The Maharashtra-Karnataka border dispute – the past and the present

Earlier this week, Maharashtra Chief Minister Uddhav Thackeray and Nationalist Congress Party (NCP) leader Sharad Pawar released a book published by the state government, titled ‘Maharashtra-Karnataka Seemavad: Sangharsh Aani Sankalp’ (Maharashtra-Karnataka Boundary Dispute: Struggle and Pledge). The book is a collection of articles, news, and other material on the demand that Marathi-speaking areas in Karnataka should be integrated into Maharashtra.

Until the Supreme Court gives is verdict on the dispute, the areas should be declared Union Territory, Thackeray said.

Pawar was more circumspect, saying that the government must make all legal efforts to ensure a favourable verdict in the apex court.

The matter has been in the Supreme Court since 2004.

The dispute

This long smouldering inter-state dispute resurfaces from time to time, rather like the issue around the demand for the renaming of Aurangabad. Maharashtra has staked claim to over 7,000 sq km area along its border with Karnataka, comprising 814 villages in the districts of Belagavi (Belgaum), Uttara Kannada, Bidar, and Gulbarga, and the towns of Belagavi, Karwar, and Nippani. All these areas are predominantly Marathi-speaking, and Maharashtra wants them to be merged with the state.

The genesis of the dispute lies in the reorganisation of states along linguistic and administrative lines in 1956.

The erstwhile Bombay Presidency, a multilingual province, included the present-day Karnataka districts of Vijayapura, Belagavi, Dharwad, and Uttara Kannada. In 1948, the Belgaum municipality requested that the district, having a predominantly Marathi-speaking population, be incorporated into the proposed Maharashtra state.

However, The States Reorganisation Act of 1956 made Belgaum and 10 talukas of Bombay State a part of the then Mysore State (which was renamed Karnataka in 1973). While demarcating borders, the Reorganisation of States Commission sought to include talukas with a Kannada-speaking population of more than 50 per cent in Mysore. But the opponents of the region’s inclusion in Mysore have maintained that in 1956, Marathi-speakers outnumbered Kannada-speakers in those areas.

Political parties in Maharashtra are united on the merger of the border areas with the state. The dispute features in every election manifesto of the Congress, NCP, Shiv Sena, and BJP Over the last six decades, every Governor’s address (which outlines the state government’s policies and programmes) to the joint session of the Maharashtra Assembly and Council has mentioned the border dispute to loud applause from members across parties.

Recent incidents

This is not the first time that this matter has arisen in the last 13 months of the Maha Vikas Aghadi (MVA) coalition government.

Bus services between Kolhapur (Maharashtra) and Belgaum (Karnataka) had to be suspended for a few days following tensions that flared on both sides of the border after Chief Minister Thackeray referred to the contentious areas as “Karnataka-occupied Maharashtra” in the Assembly.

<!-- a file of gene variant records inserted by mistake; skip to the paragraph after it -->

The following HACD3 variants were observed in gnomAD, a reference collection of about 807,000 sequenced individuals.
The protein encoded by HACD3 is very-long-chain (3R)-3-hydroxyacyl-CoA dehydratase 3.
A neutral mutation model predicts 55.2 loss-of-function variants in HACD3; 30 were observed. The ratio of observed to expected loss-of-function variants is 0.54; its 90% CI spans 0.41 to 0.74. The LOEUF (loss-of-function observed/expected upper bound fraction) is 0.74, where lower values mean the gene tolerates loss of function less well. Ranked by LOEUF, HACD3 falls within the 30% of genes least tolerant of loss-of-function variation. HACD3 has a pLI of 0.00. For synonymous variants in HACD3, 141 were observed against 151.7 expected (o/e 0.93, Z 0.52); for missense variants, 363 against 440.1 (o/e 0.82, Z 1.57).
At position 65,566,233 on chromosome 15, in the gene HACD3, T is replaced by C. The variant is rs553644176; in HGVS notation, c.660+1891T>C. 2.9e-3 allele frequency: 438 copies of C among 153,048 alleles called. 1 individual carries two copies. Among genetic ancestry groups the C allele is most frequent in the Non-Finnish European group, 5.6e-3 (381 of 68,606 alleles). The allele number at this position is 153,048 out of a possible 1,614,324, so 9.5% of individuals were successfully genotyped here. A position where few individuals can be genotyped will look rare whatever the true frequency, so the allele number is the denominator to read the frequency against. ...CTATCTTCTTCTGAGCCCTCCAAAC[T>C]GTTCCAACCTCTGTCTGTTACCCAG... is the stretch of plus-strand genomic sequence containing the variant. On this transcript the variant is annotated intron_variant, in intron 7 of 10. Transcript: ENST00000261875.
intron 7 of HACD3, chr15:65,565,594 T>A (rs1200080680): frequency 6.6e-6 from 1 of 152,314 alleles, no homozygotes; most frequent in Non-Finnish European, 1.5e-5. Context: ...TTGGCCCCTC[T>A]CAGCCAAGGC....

He also named two senior ministers, Eknath Shinde and Chhagan Bhujbal, to a co-ordination committee to oversee the expeditious resolution of the case in favour of Maharashtra in the Supreme Court.

Late last year, the Maharashtra government asked all ministers to wear a black band on November 1, which is celebrated in Karnataka as Rajyotsava or state Formation Day, to express support for Marathi-speaking people in Karnataka.

Thackeray reiterated his commitment to redrawing Maharashtra’s borders to include areas that now lie in Karnataka on January 17, which is observed in Maharashtra as Martyrs’ Day, while paying tributes to those who died in the 1956 border struggle to join Maharashtra.

Deputy Chief Minister Ajit Pawar echoed the pledge.

The Mahajan Commission

The BJP government in Karnataka has accused Maharashtra of seeking to incite violence on the border dispute, and Karnataka Chief Minister B S Yediyurappa has vowed he would “not part with an inch of land”. The Mahajan Commission had “long ago settled the dispute”, Yediyurappa said, condemning Maharashtra.

The Mahajan Commission was set up by the Government of India in October 1966 to look into the border dispute. In its report submitted in August 1967, the Commission, led by former Chief Justice of India Mehr Chand Mahajan, recommended that 264 villages should be transferred to Maharashtra, and that Belgaum and 247 villages should remain with Karnataka.

Maharashtra rejected the report, calling it biased and illogical, while Karnataka welcomed it. Despite demands from Karnataka, the Centre never implemented the recommendations of the report.

Earlier this week, Sharad Pawar said the report was “100 per cent against Maharashtra”.

The BJP’s dilemma

At a time when the BJP has tried to corner Thackeray on the issue of renaming Aurangabad, challenging him to act on the old promise, the border row has handed the Shiv Sena an opportunity to hit back at its former ally.

The Maharashtra BJP had lain low for long, shying away from saying anything that would pit it against its own government and party in Karnataka. However, former Chief Minister Devendra Fadnavis has now said that the Maharashtra BJP wants that the predominantly Marathi-speaking border areas should be merged with Maharashtra.

“Irrespective of the party in power, both states have from the beginning struck to their positions. The Maharashtra BJP’s stand remains unchanged,” Fadnavis has said.